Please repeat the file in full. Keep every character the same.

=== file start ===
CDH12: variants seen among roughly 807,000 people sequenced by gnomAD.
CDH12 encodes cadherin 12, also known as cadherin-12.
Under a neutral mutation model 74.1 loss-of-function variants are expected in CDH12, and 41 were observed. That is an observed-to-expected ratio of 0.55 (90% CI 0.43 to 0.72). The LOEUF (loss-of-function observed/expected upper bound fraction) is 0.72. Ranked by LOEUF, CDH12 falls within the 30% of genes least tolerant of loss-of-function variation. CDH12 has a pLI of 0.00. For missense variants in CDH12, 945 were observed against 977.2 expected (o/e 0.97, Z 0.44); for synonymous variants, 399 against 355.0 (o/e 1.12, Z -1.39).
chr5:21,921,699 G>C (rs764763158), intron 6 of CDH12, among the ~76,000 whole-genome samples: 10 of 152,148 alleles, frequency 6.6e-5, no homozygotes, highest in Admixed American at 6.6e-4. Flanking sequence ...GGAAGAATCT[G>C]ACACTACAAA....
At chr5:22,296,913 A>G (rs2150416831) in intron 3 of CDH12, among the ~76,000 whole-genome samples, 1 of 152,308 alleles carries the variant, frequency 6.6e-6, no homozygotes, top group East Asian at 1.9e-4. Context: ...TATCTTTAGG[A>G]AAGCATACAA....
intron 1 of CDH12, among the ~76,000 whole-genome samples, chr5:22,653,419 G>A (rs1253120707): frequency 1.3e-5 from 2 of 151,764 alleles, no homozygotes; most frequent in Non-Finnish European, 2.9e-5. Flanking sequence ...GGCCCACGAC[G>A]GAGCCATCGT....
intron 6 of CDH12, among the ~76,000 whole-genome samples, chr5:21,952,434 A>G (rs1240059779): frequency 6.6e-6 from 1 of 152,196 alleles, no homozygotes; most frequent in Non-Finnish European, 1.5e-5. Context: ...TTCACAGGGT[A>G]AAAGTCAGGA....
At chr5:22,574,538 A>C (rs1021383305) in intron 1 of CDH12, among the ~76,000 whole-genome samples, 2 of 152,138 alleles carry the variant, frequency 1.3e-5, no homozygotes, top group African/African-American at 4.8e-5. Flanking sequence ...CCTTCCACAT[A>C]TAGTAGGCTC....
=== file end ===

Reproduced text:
CDH12: variants seen among roughly 807,000 people sequenced by gnomAD.
CDH12 encodes cadherin 12, also known as cadherin-12.
Under a neutral mutation model 74.1 loss-of-function variants are expected in CDH12, and 41 were observed. That is an observed-to-expected ratio of 0.55 (90% CI 0.43 to 0.72). The LOEUF (loss-of-function observed/expected upper bound fraction) is 0.72. Ranked by LOEUF, CDH12 falls within the 30% of genes least tolerant of loss-of-function variation. CDH12 has a pLI of 0.00. For missense variants in CDH12, 945 were observed against 977.2 expected (o/e 0.97, Z 0.44); for synonymous variants, 399 against 355.0 (o/e 1.12, Z -1.39).
chr5:21,921,699 G>C (rs764763158), intron 6 of CDH12, among the ~76,000 whole-genome samples: 10 of 152,148 alleles, frequency 6.6e-5, no homozygotes, highest in Admixed American at 6.6e-4. Flanking sequence ...GGAAGAATCT[G>C]ACACTACAAA....
At chr5:22,296,913 A>G (rs2150416831) in intron 3 of CDH12, among the ~76,000 whole-genome samples, 1 of 152,308 alleles carries the variant, frequency 6.6e-6, no homozygotes, top group East Asian at 1.9e-4. Context: ...TATCTTTAGG[A>G]AAGCATACAA....
intron 1 of CDH12, among the ~76,000 whole-genome samples, chr5:22,653,419 G>A (rs1253120707): frequency 1.3e-5 from 2 of 151,764 alleles, no homozygotes; most frequent in Non-Finnish European, 2.9e-5. Flanking sequence ...GGCCCACGAC[G>A]GAGCCATCGT....
intron 6 of CDH12, among the ~76,000 whole-genome samples, chr5:21,952,434 A>G (rs1240059779): frequency 6.6e-6 from 1 of 152,196 alleles, no homozygotes; most frequent in Non-Finnish European, 1.5e-5. Context: ...TTCACAGGGT[A>G]AAAGTCAGGA....
At chr5:22,574,538 A>C (rs1021383305) in intron 1 of CDH12, among the ~76,000 whole-genome samples, 2 of 152,138 alleles carry the variant, frequency 1.3e-5, no homozygotes, top group African/African-American at 4.8e-5. Flanking sequence ...CCTTCCACAT[A>C]TAGTAGGCTC....